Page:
This thesis is an exploratory study which examines, comparatively, the largely neglected area of female sports fandom.
Using the UK East Midlands city of Leicester as a case study site for the research, 85 semi-structured interviews were conducted with three generations of female fans of football (Leicester City) and rugby union (Leicester Tigers). The thesis emerges, broadly speaking, out of the recent feminist tradition of research on sport and leisure, but uses Glaser and Strauss’s (2008) ‘grounded theory’ approach to data collection and analysis to seek to ‘add’ a sociological account of women’s experiences as sports fans to the existing research on women and leisure.
The main aim was to consider the extent to which, and how, sports fandom figures in the leisure lives of women in different sporting contexts today and in the recent past. Continuity, as well as change, in women’s sporting lives was a central theme.
Whilst some women overcame barriers to their involvement in sport as players and spectators, many obstacles continue to restrict women’s leisure involvement as active fans.
The thesis examines the distinctiveness of women’s experience of spectator sport as a changing commercial and cultural product in England from the post-war period, stressing both similarities, but also important differences between men’s and women’s historical experiences of these sports.
The differential extent to which sports fandom fosters a positive ‘sense of place’ for females was explored, as was the mutual hostility often expressed between female football and rugby fans which is largely attributed to the combined impact of relations of place, gender and social class. Little existing research has explored this complex terrain.
Finally, important differences between women in terms of the wider meanings they attribute to their involvement in sport were revealed which other approaches to the study of fandom largely fail to acknowledge.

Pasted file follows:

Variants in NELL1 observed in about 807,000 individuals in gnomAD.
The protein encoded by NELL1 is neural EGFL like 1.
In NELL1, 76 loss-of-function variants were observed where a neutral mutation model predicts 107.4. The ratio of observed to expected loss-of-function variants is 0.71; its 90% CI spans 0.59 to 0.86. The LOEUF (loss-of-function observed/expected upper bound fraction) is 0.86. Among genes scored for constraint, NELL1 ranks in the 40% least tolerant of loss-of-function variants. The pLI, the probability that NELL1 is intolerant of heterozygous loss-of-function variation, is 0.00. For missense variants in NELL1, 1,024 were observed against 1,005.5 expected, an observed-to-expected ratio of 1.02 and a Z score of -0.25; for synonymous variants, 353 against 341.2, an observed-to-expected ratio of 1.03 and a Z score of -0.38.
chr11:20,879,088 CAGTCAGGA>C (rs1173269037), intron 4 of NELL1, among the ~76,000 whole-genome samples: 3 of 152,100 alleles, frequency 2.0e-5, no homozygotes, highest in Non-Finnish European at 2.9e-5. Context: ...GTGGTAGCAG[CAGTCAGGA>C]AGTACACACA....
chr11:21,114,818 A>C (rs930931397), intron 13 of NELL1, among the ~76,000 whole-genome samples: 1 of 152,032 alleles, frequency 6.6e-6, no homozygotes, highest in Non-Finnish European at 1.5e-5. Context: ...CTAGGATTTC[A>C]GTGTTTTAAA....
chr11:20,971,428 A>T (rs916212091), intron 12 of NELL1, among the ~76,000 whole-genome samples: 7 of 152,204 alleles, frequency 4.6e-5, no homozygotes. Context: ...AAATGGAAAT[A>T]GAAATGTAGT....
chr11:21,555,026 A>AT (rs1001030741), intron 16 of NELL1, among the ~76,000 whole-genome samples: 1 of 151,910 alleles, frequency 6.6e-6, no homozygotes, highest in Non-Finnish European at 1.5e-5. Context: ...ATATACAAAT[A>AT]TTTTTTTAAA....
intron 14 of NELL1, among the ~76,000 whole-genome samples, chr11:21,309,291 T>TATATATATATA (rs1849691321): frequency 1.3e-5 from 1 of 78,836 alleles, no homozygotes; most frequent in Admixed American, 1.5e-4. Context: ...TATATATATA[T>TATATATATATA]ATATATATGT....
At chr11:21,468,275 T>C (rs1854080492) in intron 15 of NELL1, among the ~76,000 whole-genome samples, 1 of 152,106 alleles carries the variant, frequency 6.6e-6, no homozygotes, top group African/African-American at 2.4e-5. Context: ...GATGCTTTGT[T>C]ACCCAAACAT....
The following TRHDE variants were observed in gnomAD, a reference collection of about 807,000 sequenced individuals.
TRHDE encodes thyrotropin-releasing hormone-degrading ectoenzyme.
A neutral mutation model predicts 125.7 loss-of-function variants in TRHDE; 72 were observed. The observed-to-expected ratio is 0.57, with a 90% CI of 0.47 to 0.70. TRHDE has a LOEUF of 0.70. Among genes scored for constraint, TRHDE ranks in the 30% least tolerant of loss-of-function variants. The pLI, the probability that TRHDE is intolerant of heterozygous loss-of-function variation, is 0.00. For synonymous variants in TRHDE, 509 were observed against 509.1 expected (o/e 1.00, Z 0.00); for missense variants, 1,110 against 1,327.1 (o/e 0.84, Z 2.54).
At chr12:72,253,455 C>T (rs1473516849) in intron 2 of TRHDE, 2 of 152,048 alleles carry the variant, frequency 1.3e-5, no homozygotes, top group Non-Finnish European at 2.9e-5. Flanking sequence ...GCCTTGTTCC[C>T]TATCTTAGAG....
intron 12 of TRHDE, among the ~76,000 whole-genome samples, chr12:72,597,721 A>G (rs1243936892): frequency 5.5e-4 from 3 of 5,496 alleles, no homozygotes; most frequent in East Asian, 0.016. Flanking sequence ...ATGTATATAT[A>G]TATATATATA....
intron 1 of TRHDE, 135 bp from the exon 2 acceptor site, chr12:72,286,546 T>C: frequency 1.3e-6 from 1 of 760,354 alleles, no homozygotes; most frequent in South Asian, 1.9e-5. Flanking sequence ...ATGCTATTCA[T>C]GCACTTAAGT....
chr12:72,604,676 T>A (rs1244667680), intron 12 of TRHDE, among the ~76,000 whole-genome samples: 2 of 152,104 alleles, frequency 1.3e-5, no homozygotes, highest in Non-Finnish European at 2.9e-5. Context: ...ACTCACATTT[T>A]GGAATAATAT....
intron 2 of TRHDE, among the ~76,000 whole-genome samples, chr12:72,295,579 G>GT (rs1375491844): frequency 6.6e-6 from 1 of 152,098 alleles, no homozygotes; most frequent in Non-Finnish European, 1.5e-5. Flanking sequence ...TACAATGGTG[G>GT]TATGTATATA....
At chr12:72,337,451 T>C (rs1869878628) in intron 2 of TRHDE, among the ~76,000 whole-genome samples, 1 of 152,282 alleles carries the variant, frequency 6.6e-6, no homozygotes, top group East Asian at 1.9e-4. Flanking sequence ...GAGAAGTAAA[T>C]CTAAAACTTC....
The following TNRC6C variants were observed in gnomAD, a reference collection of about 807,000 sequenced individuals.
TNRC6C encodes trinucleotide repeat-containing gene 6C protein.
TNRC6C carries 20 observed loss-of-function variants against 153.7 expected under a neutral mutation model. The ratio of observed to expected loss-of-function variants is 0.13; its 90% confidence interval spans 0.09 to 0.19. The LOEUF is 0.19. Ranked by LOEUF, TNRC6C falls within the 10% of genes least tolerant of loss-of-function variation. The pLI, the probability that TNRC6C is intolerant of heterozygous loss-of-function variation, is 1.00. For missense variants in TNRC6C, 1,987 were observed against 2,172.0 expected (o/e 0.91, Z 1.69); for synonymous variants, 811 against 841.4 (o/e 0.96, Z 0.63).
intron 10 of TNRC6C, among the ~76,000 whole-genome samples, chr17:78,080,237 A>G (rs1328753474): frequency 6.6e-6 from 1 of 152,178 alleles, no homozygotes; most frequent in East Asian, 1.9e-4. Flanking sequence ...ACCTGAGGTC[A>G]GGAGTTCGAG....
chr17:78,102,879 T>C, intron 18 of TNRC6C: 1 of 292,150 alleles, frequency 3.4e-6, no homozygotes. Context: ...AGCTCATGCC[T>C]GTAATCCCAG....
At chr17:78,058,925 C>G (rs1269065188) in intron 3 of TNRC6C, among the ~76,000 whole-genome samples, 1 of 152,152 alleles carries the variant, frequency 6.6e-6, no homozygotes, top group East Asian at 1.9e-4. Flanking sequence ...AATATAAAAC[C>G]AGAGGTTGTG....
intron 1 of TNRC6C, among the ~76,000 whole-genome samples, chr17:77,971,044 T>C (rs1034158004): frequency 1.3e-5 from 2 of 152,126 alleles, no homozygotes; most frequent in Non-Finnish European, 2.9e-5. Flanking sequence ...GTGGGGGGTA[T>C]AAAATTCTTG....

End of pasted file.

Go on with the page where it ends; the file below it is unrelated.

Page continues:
Editor's comments - [ The above is the abstract from an original PhD thesis; the final publication in the study for the author in pursuit of a doctorate; such works result in the author being awarded a PhD and the title of Dr. by an appropriately accedited University. PhD's are the culmination of a number of years work by the author supervised by two (normally PhD or MPhil qualified) academics and, with the addition of a further appropriately qualified academic (not normally from the same University) as part of a viva-voce examination team. Successful research work at PhD level is designed to add to the body of knowledge in the study area at some level.
A PhD thesis often forms the foundation for journal articles for the author and leads to further enquiry in the form of what is called post-doctoral research. These works are characterised by comprehensive literature reviews, sometimes traditional yet multiple (and often mixed) methods, interesting if not ground breaking discussions and always directional signs toward further research; they provide for undergraduates not only a model for the possibilities for further study but a gift in terms of references in any given subject areas.
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Our best advice is to reference list internet sourced theses as ‘published’…. ie.; Author, (date). Title (emphasised). Place of publication and (university) publisher. Available from: URL reference. See our example reference below. ]
Reference : Pope, S. E. (2010). Female Fandom in an English ‘Sports City’: A sociological study of female spectating and consumption around sport. PhD Thesis. Leicester: University of Leicester. Available from http://hdl.handle.net/2381/8343
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